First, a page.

It is not a secret that I was not fond of Kimetsu no Yaiba. I criticised a lot of aspects of it: from the largely uninspired score, to the inconsistent 3d animation, but the thing that most turned me off of the series was the thing that, ironically, brought in viewers. You see, a rather profoundly spoken fan once argued that, and I roughly quote: ‘Kimetsu no Yaiba started after Boku no Hero Academia, got its protagonist up to his final level and finished its story before Deku and his school buddies could even get through their first school year.’
And the hordes of fans agree that this is somehow a good thing. Brevity and concision are the in thing.
In my opening paragraph to my Galaxy 999 review, I confess that I am fearful of long running anime. There’s a multitude of reasons: real life issues cropping up and driving me away, the series gradually losing its shimmer, the series quality going down et cetera. Padding is a concern, but it’s not a primary concern, and not for the reason you might think. Put simply, I’m far more afraid of a show rushing than taking its time.
I implore creators to take their time. Time is, indeed, a luxury that is difficult to afford, but that’s where skill comes in. Plot urgency is one thing that can convince viewers to carry on watching until the next episode – to go back to my Kimetsu no Yaiba example, Tanjirou’s quest to turn his sister back from demon to human is the ongoing goal that draws you back in… but this is also extremely hazy with a barely defined pathway and it’s even unclear if the goal is obtainable. Doh. Let’s try again: on a smaller scale, we could say that Kimetsu no Yaiba never used the ‘episodic’, and always brought a cliffhanger or a ‘hook’ into the next arc to end its 20 minute runs, thus always enticing you to the next episode to see what would happen to our heroes next. Kimetsu no Yaiba relied upon plot urgency to keep you going to the next episode, and never let that aspect dwindle. If it slowed down, what would bring us back? Hint: it’s certainly not the dreadful comedy.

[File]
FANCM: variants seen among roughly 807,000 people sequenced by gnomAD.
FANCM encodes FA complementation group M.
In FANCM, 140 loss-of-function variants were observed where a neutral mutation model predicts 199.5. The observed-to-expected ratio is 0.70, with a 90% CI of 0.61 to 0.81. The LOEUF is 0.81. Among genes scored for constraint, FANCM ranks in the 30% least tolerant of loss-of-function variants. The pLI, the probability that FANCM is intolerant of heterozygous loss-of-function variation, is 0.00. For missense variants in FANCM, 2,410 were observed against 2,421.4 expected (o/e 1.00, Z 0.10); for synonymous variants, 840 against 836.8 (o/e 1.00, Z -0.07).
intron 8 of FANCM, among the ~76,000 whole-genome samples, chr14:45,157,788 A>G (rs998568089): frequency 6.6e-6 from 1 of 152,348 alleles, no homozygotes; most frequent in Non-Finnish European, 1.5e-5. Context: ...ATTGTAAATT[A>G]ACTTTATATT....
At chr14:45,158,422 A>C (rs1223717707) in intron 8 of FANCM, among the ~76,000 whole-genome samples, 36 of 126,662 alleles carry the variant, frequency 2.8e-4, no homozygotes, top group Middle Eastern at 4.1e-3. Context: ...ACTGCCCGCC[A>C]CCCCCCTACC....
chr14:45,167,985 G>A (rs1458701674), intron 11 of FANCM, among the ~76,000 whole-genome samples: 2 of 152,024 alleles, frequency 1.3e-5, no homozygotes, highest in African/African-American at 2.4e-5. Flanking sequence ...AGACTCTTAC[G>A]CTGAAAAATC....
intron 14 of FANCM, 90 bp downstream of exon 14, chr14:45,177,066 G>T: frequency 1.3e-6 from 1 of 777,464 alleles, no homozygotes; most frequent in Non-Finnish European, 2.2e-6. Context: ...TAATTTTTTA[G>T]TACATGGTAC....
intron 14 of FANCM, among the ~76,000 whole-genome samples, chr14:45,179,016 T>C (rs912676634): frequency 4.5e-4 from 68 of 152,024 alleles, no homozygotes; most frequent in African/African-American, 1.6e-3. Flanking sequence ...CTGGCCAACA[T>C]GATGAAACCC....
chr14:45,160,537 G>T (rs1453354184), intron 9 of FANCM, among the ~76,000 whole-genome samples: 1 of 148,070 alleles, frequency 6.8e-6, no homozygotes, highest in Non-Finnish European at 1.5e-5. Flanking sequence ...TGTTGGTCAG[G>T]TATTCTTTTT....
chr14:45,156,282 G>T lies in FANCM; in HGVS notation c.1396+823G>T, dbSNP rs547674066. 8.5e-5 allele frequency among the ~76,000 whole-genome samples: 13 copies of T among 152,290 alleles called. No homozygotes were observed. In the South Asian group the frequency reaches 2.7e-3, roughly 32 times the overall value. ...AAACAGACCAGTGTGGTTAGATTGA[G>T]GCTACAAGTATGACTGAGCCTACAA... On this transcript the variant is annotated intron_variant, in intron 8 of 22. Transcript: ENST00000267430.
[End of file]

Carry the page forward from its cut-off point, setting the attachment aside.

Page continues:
I first sensed Kimetsu no Yaiba’s inability to take its time during the Final Selection arc, whereby the exam itself was montaged aside from a boss battle. There was a lot of potential to develop Tanjirou here and it was missed, and it set the trend as such for the rest of the series.
Excuse me for sounding neanderthal for a sec’, ’cause there’s a far more profound way to bring viewers back: quality. It sounds simple, but simply being entertaining is the way to draw viewers back in. The ideal example of this is Jigoku Shoujo Futakomori, which doesn’t define an endgame goal until the final few episodes, but rather the drip-drip-drips of changing characterisation setup its exciting climatic sequence – and it does all this within bitesize chunks of, largely, standalone episodes. What brings you back isn’t to see where the story goes next with cliffhangers and making you feel like you’ve got to see more because you’ve not seen a full picture yet… it’s merely trust. Trust that the next episode will be good.
Now this sounds like a basal insult to Kimetsu no Yaiba. Not (completely) intended (promise). I’m trying to make the point that ‘filler’ – not the term used by manga-to-anime-adaption critics calling out ‘anime original’ sequences, but the ‘not important’ variety of filler – shouldn’t be measured by what it is, but by how good it is on its own.